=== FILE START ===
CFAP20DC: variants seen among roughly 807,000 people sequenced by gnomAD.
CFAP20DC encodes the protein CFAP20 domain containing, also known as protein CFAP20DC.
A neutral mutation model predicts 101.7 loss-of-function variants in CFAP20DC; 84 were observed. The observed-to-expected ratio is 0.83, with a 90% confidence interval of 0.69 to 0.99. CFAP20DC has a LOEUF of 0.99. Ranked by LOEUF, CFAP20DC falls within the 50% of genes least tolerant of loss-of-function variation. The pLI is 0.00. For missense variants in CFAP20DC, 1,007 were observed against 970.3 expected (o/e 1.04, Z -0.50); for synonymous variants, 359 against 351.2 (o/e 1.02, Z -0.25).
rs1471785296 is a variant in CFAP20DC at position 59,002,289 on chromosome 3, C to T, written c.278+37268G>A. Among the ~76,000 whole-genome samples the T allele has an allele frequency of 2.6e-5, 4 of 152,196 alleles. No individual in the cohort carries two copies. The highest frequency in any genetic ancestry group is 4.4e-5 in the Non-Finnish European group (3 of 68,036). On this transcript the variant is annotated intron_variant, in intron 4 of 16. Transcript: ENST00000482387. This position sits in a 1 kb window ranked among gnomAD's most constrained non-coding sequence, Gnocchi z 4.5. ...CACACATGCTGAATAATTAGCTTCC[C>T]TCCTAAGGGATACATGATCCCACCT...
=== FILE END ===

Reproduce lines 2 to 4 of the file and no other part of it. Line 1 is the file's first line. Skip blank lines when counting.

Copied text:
CFAP20DC encodes the protein CFAP20 domain containing, also known as protein CFAP20DC.
A neutral mutation model predicts 101.7 loss-of-function variants in CFAP20DC; 84 were observed. The observed-to-expected ratio is 0.83, with a 90% confidence interval of 0.69 to 0.99. CFAP20DC has a LOEUF of 0.99. Ranked by LOEUF, CFAP20DC falls within the 50% of genes least tolerant of loss-of-function variation. The pLI is 0.00. For missense variants in CFAP20DC, 1,007 were observed against 970.3 expected (o/e 1.04, Z -0.50); for synonymous variants, 359 against 351.2 (o/e 1.02, Z -0.25).
rs1471785296 is a variant in CFAP20DC at position 59,002,289 on chromosome 3, C to T, written c.278+37268G>A. Among the ~76,000 whole-genome samples the T allele has an allele frequency of 2.6e-5, 4 of 152,196 alleles. No individual in the cohort carries two copies. The highest frequency in any genetic ancestry group is 4.4e-5 in the Non-Finnish European group (3 of 68,036). On this transcript the variant is annotated intron_variant, in intron 4 of 16. Transcript: ENST00000482387. This position sits in a 1 kb window ranked among gnomAD's most constrained non-coding sequence, Gnocchi z 4.5. ...CACACATGCTGAATAATTAGCTTCC[C>T]TCCTAAGGGATACATGATCCCACCT...